TheEnvironmental Quality Incentives Program (EQIP) is a voluntary conservation program that helps agricultural producers in a manner that promotes agricultural production and environmental quality as compatible goals. Through EQIP, agricultural producers receive financial and technical assistance to implement structural and management conservation practices that optimize environmental benefits on working agricultural land.
To get started, NRCS first works one-on-one with you to develop a conservation plan that meets your goals and vision for the land, and, address the natural resource concerns. Together we develop a roadmap outlining which conservation practices would achieve both objectives.
NRCS offers over 200 conservation solutions depending on where your land is located. These practices are geared towards working farms, ranches, and forests providing producers with many options for conservation.
Financial assistance thru the EQIP program covers part of the costs to implement conservation methods.
The best way to learn if EQIP is a good fit for your operation, is to contact yourlocal service centerwith a resource concern you would like to address. If you choose to move forward, your local NRCS Conservationist will guide you through the application process.
Applications are ranked based on the state’s priorities. If yours is funded, NRCS will offer you an EQIP contract to receive financial assistance for the costs involved to implement conservation practices. More information on this process is available here.
If you are a Beginning Farmer or Rancher, you may also be available for an advance payment option.
In addition, approved participants, through consulting with their NRCS Conservation Planner, must develop an EQIP Plan of Operations that addresses at least one natural resource concern for the state.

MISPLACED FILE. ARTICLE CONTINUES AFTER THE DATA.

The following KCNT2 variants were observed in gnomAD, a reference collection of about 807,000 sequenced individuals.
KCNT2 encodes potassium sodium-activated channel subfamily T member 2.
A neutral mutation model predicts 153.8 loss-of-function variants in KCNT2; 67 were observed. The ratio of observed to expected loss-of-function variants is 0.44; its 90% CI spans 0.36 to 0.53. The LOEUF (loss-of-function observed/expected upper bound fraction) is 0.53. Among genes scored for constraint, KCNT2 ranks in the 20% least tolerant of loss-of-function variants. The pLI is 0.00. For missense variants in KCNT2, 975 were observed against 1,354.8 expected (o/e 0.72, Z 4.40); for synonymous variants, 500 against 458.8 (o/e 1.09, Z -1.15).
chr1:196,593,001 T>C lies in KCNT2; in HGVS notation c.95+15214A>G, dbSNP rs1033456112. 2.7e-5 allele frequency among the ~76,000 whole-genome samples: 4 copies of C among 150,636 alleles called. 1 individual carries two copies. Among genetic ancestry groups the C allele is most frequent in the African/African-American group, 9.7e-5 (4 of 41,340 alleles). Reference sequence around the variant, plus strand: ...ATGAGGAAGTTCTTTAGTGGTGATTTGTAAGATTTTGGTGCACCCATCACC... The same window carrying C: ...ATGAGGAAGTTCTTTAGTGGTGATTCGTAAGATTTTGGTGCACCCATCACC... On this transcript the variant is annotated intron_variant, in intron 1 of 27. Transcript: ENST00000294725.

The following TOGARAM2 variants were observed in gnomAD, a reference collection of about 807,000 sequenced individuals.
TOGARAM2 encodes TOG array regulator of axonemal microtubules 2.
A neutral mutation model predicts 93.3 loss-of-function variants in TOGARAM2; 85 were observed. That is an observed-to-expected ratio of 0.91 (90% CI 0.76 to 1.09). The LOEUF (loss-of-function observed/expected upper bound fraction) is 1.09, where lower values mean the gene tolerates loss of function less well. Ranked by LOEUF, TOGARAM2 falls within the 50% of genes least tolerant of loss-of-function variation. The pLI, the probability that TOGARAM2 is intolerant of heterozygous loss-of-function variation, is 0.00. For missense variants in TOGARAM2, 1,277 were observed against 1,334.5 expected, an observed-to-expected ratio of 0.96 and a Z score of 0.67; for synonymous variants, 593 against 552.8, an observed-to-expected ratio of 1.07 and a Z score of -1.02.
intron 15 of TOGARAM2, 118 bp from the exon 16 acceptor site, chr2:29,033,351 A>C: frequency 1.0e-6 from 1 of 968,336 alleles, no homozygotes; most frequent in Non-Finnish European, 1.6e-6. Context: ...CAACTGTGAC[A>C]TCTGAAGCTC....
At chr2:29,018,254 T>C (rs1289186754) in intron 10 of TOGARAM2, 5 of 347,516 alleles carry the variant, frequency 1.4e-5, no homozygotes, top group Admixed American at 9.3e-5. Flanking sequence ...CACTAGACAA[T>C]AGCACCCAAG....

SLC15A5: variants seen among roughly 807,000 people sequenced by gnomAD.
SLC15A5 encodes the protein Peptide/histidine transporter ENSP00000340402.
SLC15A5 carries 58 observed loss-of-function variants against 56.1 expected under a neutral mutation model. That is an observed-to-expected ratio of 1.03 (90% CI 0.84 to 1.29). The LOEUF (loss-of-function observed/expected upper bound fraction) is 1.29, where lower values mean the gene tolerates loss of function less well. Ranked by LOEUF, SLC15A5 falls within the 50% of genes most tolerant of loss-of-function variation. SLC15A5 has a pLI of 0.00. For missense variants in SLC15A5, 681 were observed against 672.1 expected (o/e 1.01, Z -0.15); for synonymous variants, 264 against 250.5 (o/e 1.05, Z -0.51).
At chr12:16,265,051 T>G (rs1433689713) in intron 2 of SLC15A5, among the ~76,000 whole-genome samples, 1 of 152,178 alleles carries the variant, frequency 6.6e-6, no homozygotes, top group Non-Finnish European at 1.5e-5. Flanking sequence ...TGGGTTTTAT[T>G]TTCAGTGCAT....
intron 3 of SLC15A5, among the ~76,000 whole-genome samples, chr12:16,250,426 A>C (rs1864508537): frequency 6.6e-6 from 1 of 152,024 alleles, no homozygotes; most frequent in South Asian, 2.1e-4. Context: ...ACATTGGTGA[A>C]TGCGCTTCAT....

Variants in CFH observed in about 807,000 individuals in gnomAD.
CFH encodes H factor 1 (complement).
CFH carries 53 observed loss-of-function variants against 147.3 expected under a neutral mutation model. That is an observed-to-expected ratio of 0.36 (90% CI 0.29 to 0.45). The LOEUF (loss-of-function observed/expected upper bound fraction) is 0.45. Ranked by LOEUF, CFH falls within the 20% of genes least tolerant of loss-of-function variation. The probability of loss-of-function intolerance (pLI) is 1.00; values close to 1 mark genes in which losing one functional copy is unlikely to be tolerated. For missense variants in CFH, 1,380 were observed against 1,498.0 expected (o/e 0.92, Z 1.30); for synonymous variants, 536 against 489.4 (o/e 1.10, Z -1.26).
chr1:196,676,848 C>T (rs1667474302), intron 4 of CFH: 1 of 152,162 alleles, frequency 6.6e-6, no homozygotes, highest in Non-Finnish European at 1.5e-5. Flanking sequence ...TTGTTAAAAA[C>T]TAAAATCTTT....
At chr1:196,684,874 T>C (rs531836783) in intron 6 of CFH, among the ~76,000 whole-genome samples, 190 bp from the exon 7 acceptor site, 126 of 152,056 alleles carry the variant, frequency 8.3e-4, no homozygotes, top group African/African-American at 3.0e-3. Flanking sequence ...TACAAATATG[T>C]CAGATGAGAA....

Additional restrictions and program requirements may apply.
Eligible practices, payment rates, prioritization of resource concerns, and ranking criteria are developed based on input and recommendations from both the State Technical Advisory Committee (STAC) and the Local Work Groups. The STAC is made up of representatives from various agribusinesses, producer groups, conservation organizations, federal, state, and tribal government agency representatives as well as individual agriculture producers.
Local Work Groups are led by local Soil and Water Conservation Districts found in each county and watershed across Minnesota. The Local Work Groups are made up of representatives from various agribusinesses, producer groups, conservation organizations, local governments as well as federal, state, and tribal government agency representatives. They are also open to individual agriculture producers and stakeholders. These groups provide NRCS with “Locally Led” input needed to help us set priorities set at the state and local levels.
NRCS provides financial assistance to selected conservation practices. The availability and amount of financial assistance can vary between states. Download the Minnesota payment schedules to see which activities quality and how much financial assistance is available.
PRAIRIE POTHOLE WATER QUALITY AND WILDLIFE INITIATIVE (PPWQWI)
SOCIALLY DISADVANTAGED, BEGINNING, AND LIMITED RESOURCE FARMERS/RANCHERS, VETERAN FARMERS
The 2018 Farm Bill continues to address unique circumstances and concerns of socially disadvantaged farmers and ranchers, as well as beginning and limited resource farmers and ranchers and Veteran Farmers. It provides for voluntary participation, offers incentives, and focuses on equity in accessing USDA programs and services. Enhancements include increased payment rates and advance payments of up to 50 percent to purchase materials and services needed to implement conservation practices included in their EQIP contract.
Minnesota is committed to reaching out to Historically Underserved individuals and groups. Historically Underserved participants may also receive higher payment rates in addition to being considered in high priority funding pools. See the Historically Underserved Producers web page for the NRCS definition of the Historically Underserved: NRCS Historically Underserved Producer Definitions
If you want to learn more about EQIP, you can contact your local NRCS office. Your NRCS conservationist will visit you and evaluate the natural resources on your land. NRCS will then present a variety of conservation practices or system alternatives to help you address those concerns or management goals to improve or protect the natural resource conditions on your land.
Once you have chosen the right conservation practices for your land, you may be offered an EQIP contract to receive financial assistance for the cost of implementing certain practices. Payment rates for conservation practices are reviewed and set each fiscal year.